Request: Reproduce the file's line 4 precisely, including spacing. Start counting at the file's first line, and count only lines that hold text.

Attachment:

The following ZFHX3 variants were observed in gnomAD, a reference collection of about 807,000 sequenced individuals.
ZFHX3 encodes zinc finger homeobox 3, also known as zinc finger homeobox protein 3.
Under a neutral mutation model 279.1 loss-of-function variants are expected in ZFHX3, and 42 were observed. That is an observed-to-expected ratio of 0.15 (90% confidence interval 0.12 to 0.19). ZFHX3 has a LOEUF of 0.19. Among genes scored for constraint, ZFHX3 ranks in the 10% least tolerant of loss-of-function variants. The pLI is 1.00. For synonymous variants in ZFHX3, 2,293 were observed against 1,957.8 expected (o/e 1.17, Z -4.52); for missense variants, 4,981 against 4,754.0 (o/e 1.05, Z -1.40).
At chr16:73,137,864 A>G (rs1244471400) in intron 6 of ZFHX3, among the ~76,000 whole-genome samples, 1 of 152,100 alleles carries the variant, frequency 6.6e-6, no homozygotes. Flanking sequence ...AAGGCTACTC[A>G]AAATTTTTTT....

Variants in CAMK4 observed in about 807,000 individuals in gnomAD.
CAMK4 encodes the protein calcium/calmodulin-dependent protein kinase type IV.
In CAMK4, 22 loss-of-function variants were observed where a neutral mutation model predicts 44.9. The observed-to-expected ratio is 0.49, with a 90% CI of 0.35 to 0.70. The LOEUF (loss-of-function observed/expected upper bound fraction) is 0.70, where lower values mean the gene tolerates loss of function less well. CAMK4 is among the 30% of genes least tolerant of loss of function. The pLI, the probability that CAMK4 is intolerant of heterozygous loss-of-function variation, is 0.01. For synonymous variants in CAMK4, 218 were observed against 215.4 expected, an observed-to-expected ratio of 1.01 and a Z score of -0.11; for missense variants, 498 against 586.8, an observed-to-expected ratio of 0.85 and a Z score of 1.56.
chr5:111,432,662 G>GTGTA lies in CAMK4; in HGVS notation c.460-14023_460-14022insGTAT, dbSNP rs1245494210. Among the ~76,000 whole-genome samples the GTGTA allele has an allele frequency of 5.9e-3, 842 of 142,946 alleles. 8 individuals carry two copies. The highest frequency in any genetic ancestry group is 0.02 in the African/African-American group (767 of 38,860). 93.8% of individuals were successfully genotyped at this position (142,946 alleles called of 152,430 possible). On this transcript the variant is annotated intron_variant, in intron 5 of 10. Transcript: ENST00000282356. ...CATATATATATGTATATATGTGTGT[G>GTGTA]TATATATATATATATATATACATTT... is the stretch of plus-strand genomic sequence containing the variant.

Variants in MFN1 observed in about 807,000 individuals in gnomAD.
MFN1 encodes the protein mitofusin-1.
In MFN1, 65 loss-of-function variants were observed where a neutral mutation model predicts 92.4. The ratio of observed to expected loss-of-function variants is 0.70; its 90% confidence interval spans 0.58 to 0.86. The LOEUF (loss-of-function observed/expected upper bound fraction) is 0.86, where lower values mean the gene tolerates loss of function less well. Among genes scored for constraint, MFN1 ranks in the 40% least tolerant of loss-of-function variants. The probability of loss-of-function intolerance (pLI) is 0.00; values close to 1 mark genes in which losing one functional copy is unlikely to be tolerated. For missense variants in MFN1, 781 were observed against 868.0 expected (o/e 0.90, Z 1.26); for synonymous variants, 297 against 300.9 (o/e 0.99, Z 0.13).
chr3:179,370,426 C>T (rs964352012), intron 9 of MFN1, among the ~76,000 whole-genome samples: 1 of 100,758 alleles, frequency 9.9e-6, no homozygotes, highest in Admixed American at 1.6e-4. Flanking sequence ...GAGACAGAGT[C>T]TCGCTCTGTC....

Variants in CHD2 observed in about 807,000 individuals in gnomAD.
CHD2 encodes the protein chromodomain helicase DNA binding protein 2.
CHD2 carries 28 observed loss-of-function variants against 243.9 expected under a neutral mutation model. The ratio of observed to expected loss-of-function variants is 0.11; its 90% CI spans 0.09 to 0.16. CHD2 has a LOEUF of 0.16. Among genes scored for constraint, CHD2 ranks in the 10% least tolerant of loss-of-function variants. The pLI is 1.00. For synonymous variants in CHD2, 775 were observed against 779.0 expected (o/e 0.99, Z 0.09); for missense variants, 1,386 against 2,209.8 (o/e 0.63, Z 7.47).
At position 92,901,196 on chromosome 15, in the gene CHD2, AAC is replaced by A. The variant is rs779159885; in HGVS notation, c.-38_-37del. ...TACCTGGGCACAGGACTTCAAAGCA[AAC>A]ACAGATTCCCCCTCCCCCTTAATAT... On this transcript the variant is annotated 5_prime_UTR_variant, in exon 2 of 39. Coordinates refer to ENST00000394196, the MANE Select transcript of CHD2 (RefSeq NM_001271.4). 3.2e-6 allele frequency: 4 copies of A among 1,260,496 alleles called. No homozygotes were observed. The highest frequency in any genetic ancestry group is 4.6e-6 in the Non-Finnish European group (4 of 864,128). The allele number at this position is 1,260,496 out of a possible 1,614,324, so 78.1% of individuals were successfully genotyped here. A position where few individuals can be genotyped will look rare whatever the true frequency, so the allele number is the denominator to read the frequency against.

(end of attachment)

At chr16:73,137,864 A>G (rs1244471400) in intron 6 of ZFHX3, among the ~76,000 whole-genome samples, 1 of 152,100 alleles carries the variant, frequency 6.6e-6, no homozygotes. Flanking sequence ...AAGGCTACTC[A>G]AAATTTTTTT....